- In the recently concluded G20 summit, the leaders made a commitment to reach carbon neutrality by or around mid-century.
- They have adopted the Rome Declaration (the current presidency of G20 countries is being held by Italy).
- Earlier, the G20 Climate Risk Atlas was released which provides climate scenarios, information, data and future changes in climate across the G20 countries.
- Roadmap for COP 26: It urged leaders of the world’s biggest economies to put their action plans to tackle the global climate change crisis.
- This is a significant step in the context of the upcoming UN climate conference (COP 26) in Glasgow, Scotland.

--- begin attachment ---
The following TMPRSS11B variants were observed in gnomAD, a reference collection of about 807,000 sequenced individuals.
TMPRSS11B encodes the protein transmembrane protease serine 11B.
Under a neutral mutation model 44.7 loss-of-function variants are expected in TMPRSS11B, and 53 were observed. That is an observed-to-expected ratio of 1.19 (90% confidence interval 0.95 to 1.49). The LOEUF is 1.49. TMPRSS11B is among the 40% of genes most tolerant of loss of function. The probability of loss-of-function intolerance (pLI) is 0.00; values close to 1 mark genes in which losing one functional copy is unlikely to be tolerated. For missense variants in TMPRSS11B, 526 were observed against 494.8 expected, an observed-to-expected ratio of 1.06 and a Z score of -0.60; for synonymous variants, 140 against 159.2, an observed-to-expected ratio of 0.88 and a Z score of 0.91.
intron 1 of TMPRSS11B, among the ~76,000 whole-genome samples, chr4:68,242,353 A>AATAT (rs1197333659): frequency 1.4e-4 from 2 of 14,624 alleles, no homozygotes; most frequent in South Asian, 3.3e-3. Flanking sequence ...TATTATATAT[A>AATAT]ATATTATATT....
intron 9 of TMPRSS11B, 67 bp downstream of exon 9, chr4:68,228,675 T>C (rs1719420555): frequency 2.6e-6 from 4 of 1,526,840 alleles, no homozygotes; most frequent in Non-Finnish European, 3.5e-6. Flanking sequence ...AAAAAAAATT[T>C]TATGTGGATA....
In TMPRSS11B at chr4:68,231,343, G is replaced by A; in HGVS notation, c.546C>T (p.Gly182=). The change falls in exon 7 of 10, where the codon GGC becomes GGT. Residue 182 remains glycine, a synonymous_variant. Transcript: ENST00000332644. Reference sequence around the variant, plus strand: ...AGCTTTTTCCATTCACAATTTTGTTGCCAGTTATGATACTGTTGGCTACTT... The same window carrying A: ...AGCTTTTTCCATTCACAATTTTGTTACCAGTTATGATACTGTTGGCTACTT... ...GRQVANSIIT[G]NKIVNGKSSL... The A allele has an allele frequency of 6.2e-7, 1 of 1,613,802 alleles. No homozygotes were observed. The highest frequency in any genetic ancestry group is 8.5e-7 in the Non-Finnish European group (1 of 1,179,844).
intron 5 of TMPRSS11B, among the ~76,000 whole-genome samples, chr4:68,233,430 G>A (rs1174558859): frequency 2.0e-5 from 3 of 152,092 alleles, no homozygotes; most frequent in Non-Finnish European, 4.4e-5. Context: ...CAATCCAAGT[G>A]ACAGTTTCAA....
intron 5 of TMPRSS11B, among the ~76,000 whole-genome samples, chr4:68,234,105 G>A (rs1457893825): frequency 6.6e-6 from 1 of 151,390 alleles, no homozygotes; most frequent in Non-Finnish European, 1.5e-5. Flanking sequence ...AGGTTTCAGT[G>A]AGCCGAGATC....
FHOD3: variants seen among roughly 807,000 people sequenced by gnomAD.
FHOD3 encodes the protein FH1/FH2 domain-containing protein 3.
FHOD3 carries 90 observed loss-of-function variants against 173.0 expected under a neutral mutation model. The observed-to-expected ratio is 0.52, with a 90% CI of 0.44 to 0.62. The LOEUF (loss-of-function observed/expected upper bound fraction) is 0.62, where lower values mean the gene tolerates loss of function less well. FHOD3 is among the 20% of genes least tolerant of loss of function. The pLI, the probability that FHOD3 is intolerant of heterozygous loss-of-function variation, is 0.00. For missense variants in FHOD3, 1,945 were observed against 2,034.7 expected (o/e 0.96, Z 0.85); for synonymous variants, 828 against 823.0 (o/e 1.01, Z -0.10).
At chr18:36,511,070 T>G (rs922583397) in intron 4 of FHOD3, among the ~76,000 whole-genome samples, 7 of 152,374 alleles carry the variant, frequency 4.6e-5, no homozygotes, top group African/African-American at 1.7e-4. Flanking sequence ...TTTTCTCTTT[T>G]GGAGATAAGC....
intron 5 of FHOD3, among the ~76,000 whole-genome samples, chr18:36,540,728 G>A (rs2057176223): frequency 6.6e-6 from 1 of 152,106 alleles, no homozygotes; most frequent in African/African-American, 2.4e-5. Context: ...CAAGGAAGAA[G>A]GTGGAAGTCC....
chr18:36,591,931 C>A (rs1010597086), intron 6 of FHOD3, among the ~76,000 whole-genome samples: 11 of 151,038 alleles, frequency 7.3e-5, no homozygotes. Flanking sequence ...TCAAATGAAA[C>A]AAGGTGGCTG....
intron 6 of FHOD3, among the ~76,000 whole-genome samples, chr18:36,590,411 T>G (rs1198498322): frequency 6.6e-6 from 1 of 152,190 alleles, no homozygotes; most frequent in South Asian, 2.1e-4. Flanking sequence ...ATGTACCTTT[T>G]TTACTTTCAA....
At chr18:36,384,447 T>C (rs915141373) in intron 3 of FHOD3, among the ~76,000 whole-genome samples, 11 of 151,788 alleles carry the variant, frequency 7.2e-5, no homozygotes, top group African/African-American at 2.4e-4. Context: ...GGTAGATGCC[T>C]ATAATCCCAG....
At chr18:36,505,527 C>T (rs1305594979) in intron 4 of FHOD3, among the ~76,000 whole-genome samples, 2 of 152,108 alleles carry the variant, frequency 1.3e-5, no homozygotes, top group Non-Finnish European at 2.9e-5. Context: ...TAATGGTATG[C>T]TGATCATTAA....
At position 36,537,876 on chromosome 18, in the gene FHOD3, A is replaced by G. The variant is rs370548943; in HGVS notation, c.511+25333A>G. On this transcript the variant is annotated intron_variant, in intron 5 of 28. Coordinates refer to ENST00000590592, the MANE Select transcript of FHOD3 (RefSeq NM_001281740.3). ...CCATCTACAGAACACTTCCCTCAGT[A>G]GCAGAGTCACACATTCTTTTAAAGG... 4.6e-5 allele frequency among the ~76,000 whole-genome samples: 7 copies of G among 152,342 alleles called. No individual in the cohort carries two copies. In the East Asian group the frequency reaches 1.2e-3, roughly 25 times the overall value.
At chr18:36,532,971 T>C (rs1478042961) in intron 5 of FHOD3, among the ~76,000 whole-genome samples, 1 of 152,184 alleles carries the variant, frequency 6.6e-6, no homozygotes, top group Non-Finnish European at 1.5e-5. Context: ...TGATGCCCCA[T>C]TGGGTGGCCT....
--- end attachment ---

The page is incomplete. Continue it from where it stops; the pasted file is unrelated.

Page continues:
- Restricting Aid to Coal Based Plants: It included a pledge to halt financing of overseas coal-fired power generation by the end of this year (2021).
- PPP Model of Finance Mobilisation: Public-Private Partnerships (PPP) are the only way to achieve the trillions of dollars in annual investment needed to transition to clean, sustainable energy sources that will mitigate the warming of global temperatures.
- It is an informal group of 19 countries and the European Union (EU), with representatives of the International Monetary Fund and the World Bank
- It does not have a permanent secretariat or Headquarters.
- The membership comprises a mix of the world’s largest advanced and emerging economies, representing about two-thirds of the world’s population, 85% of global gross domestic product 80% of global investment and over 75% of global trade.
- Argentina, Australia, Brazil, Canada, China, France, Germany, India, Indonesia, Italy, Japan, Republic of Korea, Mexico, Russia, Saudi Arabia, South Africa, Turkey, the United Kingdom, the United States and the EU.
SOURCE: THE HINDU,THE ECONOMIC TIMES,MINT